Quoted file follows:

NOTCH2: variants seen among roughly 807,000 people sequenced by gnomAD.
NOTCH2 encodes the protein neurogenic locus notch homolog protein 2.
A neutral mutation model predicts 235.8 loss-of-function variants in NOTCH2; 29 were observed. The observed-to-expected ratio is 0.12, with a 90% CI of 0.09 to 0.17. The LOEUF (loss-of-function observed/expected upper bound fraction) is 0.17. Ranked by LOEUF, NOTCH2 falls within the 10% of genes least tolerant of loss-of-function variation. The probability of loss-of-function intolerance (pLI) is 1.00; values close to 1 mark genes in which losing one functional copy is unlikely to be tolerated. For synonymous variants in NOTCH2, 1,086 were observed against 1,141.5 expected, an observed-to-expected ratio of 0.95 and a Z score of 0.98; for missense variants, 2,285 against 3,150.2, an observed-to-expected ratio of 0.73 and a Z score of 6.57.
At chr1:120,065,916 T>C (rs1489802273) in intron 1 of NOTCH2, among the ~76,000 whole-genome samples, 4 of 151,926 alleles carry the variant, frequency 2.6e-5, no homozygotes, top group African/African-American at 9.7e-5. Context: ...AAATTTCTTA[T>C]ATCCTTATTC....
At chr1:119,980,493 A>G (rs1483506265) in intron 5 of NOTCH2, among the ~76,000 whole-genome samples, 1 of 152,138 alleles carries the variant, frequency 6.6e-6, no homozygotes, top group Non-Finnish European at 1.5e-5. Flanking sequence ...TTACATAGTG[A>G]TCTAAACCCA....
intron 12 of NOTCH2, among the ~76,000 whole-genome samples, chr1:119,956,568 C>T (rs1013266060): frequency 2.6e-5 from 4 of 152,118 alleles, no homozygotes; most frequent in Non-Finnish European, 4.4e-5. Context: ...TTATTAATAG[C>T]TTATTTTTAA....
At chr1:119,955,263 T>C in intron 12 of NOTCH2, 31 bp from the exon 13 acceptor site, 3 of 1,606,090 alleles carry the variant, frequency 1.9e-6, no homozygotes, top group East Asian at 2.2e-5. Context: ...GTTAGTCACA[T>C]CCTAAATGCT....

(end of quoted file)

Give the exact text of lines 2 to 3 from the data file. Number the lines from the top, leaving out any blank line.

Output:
NOTCH2 encodes the protein neurogenic locus notch homolog protein 2.
A neutral mutation model predicts 235.8 loss-of-function variants in NOTCH2; 29 were observed. The observed-to-expected ratio is 0.12, with a 90% CI of 0.09 to 0.17. The LOEUF (loss-of-function observed/expected upper bound fraction) is 0.17. Ranked by LOEUF, NOTCH2 falls within the 10% of genes least tolerant of loss-of-function variation. The probability of loss-of-function intolerance (pLI) is 1.00; values close to 1 mark genes in which losing one functional copy is unlikely to be tolerated. For synonymous variants in NOTCH2, 1,086 were observed against 1,141.5 expected, an observed-to-expected ratio of 0.95 and a Z score of 0.98; for missense variants, 2,285 against 3,150.2, an observed-to-expected ratio of 0.73 and a Z score of 6.57.